Because that’s not them. The medication is a tool, and a necessary one. Otherwise — I can promise you confidently — they wouldn’t put themselves through what’s involved with taking it.

Don’t draw attention to it. It will just make them feel uneasy, even if you think the attention you’re giving it is positive.

If you must say something, let them know you’re there for them, and leave it at that. If you’re not there for them, or you aren’t able to leave it at that, don’t say anything.

Mental health issues are scary precisely because we know so little about them. Limitations in the field of medicine — both logistical and ethical — make it very easy for doctors and scientists to study the physical healing process, and almost impossible for them to study the mental healing process.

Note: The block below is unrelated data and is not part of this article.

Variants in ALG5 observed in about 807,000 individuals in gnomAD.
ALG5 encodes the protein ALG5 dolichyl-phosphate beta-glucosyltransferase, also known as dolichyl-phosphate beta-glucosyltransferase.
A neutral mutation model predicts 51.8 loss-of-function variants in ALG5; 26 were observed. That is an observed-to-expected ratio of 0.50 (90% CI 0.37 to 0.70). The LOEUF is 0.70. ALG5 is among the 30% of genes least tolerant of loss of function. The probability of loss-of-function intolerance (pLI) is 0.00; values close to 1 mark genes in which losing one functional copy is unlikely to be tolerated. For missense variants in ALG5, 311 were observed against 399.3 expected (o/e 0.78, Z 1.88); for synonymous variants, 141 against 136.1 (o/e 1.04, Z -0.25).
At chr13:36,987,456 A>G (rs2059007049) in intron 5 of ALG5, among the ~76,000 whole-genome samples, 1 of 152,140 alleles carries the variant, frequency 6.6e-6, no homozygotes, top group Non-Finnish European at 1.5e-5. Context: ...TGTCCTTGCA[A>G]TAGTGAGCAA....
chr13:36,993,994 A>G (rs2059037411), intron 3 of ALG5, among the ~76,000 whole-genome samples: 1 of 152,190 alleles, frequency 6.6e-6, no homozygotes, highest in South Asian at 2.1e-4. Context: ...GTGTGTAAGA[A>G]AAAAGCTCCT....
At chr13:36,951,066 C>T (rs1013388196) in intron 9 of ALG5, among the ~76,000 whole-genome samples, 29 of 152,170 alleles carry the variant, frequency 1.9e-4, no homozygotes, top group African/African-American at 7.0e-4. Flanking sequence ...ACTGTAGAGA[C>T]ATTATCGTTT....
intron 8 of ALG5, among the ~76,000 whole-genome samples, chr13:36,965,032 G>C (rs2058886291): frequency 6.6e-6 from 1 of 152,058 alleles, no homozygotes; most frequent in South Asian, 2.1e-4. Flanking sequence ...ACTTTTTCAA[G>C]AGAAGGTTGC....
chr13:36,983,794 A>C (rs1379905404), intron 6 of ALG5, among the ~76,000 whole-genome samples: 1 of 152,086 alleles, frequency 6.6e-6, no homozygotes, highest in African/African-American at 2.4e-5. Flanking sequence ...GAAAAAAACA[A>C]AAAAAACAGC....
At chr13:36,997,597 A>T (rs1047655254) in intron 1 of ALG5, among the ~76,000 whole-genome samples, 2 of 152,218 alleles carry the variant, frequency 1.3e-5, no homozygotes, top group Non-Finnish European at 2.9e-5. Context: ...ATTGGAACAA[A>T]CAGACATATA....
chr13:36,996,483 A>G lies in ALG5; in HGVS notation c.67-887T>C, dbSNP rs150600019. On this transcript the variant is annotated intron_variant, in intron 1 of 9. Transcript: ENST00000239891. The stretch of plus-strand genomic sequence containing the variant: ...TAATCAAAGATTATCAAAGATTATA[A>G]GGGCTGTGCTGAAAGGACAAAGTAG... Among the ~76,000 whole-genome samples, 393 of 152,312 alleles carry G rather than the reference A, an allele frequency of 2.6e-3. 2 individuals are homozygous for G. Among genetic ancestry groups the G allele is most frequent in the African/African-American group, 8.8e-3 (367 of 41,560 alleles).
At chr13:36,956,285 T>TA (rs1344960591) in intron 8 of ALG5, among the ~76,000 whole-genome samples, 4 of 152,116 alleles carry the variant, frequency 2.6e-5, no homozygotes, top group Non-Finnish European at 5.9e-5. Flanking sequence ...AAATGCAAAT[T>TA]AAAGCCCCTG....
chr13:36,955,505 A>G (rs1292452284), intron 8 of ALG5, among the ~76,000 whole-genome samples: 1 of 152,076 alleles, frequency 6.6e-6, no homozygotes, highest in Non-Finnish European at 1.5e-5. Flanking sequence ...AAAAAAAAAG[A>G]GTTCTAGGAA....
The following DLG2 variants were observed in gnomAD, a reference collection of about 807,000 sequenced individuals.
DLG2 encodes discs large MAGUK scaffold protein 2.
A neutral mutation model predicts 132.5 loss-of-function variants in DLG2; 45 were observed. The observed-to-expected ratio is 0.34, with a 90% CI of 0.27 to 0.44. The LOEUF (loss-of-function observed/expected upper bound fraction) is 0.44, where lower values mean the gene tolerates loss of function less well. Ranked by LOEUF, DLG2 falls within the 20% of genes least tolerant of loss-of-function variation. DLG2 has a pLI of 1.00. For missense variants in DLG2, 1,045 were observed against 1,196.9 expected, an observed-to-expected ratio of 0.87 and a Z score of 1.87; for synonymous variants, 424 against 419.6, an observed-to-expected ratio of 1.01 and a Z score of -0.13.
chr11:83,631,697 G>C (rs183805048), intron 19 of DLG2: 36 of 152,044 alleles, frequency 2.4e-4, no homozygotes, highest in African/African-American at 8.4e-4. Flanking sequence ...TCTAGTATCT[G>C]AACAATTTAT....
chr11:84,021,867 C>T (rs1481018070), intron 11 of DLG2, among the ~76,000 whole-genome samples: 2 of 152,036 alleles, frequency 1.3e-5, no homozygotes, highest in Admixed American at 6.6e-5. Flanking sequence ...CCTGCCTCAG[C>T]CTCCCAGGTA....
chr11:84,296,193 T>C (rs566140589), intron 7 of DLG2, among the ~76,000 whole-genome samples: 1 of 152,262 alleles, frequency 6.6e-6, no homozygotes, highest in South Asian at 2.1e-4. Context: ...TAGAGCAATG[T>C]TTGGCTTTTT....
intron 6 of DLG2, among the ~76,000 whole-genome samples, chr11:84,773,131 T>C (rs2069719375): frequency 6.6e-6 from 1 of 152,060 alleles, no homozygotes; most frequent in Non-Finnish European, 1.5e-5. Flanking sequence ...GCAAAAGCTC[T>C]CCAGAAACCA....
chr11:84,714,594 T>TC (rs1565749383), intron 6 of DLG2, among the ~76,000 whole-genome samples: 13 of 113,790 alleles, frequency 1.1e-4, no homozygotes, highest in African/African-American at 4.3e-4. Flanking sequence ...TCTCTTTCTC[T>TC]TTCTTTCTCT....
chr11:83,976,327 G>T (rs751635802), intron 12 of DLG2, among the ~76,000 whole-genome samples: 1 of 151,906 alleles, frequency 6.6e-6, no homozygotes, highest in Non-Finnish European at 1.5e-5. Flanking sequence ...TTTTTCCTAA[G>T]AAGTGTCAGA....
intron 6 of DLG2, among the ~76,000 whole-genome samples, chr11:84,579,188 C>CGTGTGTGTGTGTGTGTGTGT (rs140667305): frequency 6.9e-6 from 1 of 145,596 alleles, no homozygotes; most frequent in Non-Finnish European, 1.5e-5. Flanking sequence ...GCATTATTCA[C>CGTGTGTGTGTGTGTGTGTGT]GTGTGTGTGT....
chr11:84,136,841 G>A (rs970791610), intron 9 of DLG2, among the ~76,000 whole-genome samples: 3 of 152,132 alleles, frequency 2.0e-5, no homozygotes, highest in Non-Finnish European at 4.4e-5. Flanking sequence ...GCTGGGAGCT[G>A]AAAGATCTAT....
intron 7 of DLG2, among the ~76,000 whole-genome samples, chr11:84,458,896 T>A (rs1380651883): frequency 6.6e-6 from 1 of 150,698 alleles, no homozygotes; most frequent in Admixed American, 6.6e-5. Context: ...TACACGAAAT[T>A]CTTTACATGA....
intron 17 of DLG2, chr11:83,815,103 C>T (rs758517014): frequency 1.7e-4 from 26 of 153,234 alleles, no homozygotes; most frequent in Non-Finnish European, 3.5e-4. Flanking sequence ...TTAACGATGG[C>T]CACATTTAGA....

We’re making progress. We’re learning. But we’re in dark, scary waters, fighting an enemy we know nothing about.

Don’t be afraid of the people who need help. By definition, they’re weaker than you are. If anything, they’ll be afraid of you.

Help them. Or don’t.

But never hinder them. And be aware that you’ll never know what that person is going through on the inside. They’re suffering wounds so deep nobody — that person included — can see them.

You might think their medication is frivolous. And you’re welcome to think that.

But if so? Keep your mouth shut. And have the decency, at least, not to trip them up as they seek the safety you take for granted.

Reviewing, Reviewed

September 15th, 2014 | Posted by Philip J Reed in internet | personal - (8 Comments)

Statler and Waldorf